- Canobi says he’s avoiding going too far down the credit curve
- Favors ‘defensive’ sectors such as utilities, consumer staples
Franklin Templeton is hunkering down in Australia, favoring higher-quality corporate bonds with shorter tenors as global risks mount.
Templeton, which oversees about A$3.8 billion ($2.8 billion) of assets for Australian clients, has in last two months reduced the credit duration of its portfolio to almost 2 years from about 2 1/2 at the start of 2016, according to Andrew Canobi, director of fixed-income in Melbourne. Credit duration measures how much a bond price is likely to change as its yield premium over the benchmark rate shifts. The money manager favors “defensive” companies such as utilities and sellers of consumer staples, while securities maturing in two-to-five years are his main area of focus.
Volatility has spiked as the risk grows that the U.K. will choose in a vote next week to leave the European Union, while the Federal Reserve’s ability to raise U.S. interest rates could be stymied by signs of economic weakness. The U.S. central bank on Wednesday opted not to shift its benchmark and Chair Janet Yellen said that some of the forces holding down rates may be long-lasting. Speaking ahead of the Fed decision, Canobi also underscored political risks from upcoming elections in Australia and the U.S.
“We don’t think now is the time to go stretching too far out on the maturity curve,” Canobi said. “We don’t think it is the right time to go too heavily down the credit curve in terms of quality as well.”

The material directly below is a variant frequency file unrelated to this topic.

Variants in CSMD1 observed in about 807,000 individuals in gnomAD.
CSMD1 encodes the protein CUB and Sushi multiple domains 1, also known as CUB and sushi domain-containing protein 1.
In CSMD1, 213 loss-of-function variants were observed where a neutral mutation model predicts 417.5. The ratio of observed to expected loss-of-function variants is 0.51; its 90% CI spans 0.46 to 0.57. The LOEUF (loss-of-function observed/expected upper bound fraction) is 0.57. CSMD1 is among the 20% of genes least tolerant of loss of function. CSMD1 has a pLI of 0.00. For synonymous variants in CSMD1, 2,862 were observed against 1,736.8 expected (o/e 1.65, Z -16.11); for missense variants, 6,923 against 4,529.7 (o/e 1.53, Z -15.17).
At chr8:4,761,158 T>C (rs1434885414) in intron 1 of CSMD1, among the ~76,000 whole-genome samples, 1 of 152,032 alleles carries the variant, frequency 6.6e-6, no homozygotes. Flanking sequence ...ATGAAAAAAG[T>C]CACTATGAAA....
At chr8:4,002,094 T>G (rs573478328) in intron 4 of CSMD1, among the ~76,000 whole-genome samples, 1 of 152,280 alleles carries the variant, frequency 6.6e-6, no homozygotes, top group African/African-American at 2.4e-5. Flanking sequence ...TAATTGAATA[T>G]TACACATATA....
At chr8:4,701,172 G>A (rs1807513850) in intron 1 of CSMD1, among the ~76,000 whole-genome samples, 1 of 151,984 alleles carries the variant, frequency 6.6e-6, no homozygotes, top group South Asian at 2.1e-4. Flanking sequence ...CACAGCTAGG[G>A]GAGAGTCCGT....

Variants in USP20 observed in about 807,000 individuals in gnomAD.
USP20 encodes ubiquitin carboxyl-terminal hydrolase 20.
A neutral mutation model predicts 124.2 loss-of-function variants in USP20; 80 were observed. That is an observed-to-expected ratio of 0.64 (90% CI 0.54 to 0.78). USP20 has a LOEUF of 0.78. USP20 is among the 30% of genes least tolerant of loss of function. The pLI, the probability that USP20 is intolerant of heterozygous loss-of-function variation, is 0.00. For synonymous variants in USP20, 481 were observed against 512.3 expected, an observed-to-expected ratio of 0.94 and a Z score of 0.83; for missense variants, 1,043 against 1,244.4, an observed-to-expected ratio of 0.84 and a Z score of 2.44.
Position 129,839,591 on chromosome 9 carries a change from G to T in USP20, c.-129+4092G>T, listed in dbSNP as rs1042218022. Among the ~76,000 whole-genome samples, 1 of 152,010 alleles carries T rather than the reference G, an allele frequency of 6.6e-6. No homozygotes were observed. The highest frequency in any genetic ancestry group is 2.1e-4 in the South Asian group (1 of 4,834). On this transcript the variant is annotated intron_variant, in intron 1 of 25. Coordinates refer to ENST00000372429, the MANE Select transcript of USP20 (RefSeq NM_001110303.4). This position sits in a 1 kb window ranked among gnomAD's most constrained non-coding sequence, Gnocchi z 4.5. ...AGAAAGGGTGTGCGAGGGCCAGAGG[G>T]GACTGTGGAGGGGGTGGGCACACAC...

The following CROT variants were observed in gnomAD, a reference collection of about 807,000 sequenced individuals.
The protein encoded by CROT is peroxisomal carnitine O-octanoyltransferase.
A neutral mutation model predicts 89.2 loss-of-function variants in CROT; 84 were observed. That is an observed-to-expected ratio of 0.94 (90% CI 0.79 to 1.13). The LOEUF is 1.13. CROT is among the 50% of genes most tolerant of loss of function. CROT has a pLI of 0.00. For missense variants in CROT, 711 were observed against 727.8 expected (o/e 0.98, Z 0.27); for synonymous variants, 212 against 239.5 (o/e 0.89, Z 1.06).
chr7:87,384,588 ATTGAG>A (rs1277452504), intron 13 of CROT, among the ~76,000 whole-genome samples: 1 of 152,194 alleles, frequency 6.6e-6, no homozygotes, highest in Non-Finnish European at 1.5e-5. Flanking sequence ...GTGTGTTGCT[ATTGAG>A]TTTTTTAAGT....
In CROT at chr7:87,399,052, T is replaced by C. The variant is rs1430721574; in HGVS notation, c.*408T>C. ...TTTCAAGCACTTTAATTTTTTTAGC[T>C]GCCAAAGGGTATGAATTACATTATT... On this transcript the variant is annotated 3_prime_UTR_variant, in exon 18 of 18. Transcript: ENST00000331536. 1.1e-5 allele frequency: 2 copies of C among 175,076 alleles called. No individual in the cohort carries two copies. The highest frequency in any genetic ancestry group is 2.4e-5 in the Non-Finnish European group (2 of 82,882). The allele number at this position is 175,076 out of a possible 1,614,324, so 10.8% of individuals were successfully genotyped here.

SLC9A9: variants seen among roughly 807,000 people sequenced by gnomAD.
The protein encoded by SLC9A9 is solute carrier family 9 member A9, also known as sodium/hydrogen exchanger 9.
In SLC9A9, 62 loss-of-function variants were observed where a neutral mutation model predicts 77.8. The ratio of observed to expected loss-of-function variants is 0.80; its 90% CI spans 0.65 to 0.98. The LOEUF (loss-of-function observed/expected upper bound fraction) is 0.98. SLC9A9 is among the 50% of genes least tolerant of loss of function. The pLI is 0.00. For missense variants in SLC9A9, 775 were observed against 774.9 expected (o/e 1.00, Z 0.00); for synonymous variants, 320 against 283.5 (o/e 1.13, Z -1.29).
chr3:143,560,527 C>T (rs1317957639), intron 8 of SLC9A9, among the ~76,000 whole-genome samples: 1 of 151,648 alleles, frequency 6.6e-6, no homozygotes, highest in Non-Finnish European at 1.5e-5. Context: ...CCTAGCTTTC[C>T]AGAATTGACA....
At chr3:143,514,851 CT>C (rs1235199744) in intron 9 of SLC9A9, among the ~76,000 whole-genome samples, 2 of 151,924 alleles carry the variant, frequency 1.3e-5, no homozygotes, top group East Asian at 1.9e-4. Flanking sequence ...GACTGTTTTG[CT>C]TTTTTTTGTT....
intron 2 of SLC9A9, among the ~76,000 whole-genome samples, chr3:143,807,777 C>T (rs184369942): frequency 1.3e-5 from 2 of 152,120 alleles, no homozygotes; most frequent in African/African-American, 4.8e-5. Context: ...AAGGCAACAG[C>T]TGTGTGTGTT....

About 80 percent of Templeton’s Australian fixed-income exposure is Aussie dollar based, with the balance hedged to the currency, he said.
The fund manager is also reducing exposure as it expects the recent credit rally to lose steam in the coming months and is happy to maintain “firepower” within its portfolio, Canobi said.
“We are avoiding really going far down the credit curve in an environment where yields are low and where, in the temptation to chase yields, one gives up liquidity,” he said.
Canobi also questioned the prudence of loading up on credit with companies in Australia struggling to boost revenue and acquisition activity increasing. While credit has been supported by global investors searching for yield, the risks are “to the downside,” he said.
Shunning Sovereign Bonds
That said, he’s still not embracing the very safest assets and at present doesn’t hold anything issued by Australia’s federal or state governments, even as the prospect of further Reserve Bank of Australia rate reductions weighs on yields. Australia’s benchmark 10-year rate on Thursday dropped below 2 percent for the first time on record and was at 1.999 percent as of 12:28 p.m. in Sydney. The central bank’s cash rate currently stands at a record low 1.75 percent following a 25 basis point easing in May.
Canobi expects two more quarter-point rate cuts from the RBA before the end of the year and that the consumer-price index reading on July 27 will be the next trigger for a move. Swaps traders were pricing about a 70 percent chance of a reduction by the end of this year, data compiled by Bloomberg showed.
“We are being targeted in where we are taking risk,” Canobi said. “The overarching theme for us is being pretty conservative.”